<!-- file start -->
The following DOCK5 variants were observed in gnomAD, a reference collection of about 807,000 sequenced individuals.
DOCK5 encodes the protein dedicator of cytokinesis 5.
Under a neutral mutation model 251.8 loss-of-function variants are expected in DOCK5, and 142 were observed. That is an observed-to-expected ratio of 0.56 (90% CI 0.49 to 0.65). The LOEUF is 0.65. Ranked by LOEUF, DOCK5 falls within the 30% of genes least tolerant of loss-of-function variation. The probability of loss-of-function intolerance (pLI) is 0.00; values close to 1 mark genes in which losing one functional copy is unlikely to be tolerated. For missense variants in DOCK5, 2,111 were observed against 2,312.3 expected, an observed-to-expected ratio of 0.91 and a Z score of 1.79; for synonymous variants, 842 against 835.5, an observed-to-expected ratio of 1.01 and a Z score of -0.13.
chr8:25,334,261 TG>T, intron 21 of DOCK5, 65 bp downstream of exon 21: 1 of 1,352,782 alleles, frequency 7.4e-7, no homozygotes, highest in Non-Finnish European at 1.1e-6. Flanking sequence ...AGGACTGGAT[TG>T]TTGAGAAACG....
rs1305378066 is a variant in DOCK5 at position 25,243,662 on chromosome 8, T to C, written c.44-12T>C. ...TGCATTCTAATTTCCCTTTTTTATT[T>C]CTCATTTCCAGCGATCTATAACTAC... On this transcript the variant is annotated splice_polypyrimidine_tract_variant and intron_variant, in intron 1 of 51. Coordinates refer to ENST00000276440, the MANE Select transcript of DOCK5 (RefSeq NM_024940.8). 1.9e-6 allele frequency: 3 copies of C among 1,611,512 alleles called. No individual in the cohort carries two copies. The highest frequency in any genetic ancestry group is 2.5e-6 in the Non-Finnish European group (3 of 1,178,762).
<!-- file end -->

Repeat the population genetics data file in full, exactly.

The following DOCK5 variants were observed in gnomAD, a reference collection of about 807,000 sequenced individuals.
DOCK5 encodes the protein dedicator of cytokinesis 5.
Under a neutral mutation model 251.8 loss-of-function variants are expected in DOCK5, and 142 were observed. That is an observed-to-expected ratio of 0.56 (90% CI 0.49 to 0.65). The LOEUF is 0.65. Ranked by LOEUF, DOCK5 falls within the 30% of genes least tolerant of loss-of-function variation. The probability of loss-of-function intolerance (pLI) is 0.00; values close to 1 mark genes in which losing one functional copy is unlikely to be tolerated. For missense variants in DOCK5, 2,111 were observed against 2,312.3 expected, an observed-to-expected ratio of 0.91 and a Z score of 1.79; for synonymous variants, 842 against 835.5, an observed-to-expected ratio of 1.01 and a Z score of -0.13.
chr8:25,334,261 TG>T, intron 21 of DOCK5, 65 bp downstream of exon 21: 1 of 1,352,782 alleles, frequency 7.4e-7, no homozygotes, highest in Non-Finnish European at 1.1e-6. Flanking sequence ...AGGACTGGAT[TG>T]TTGAGAAACG....
rs1305378066 is a variant in DOCK5 at position 25,243,662 on chromosome 8, T to C, written c.44-12T>C. ...TGCATTCTAATTTCCCTTTTTTATT[T>C]CTCATTTCCAGCGATCTATAACTAC... On this transcript the variant is annotated splice_polypyrimidine_tract_variant and intron_variant, in intron 1 of 51. Coordinates refer to ENST00000276440, the MANE Select transcript of DOCK5 (RefSeq NM_024940.8). 1.9e-6 allele frequency: 3 copies of C among 1,611,512 alleles called. No individual in the cohort carries two copies. The highest frequency in any genetic ancestry group is 2.5e-6 in the Non-Finnish European group (3 of 1,178,762).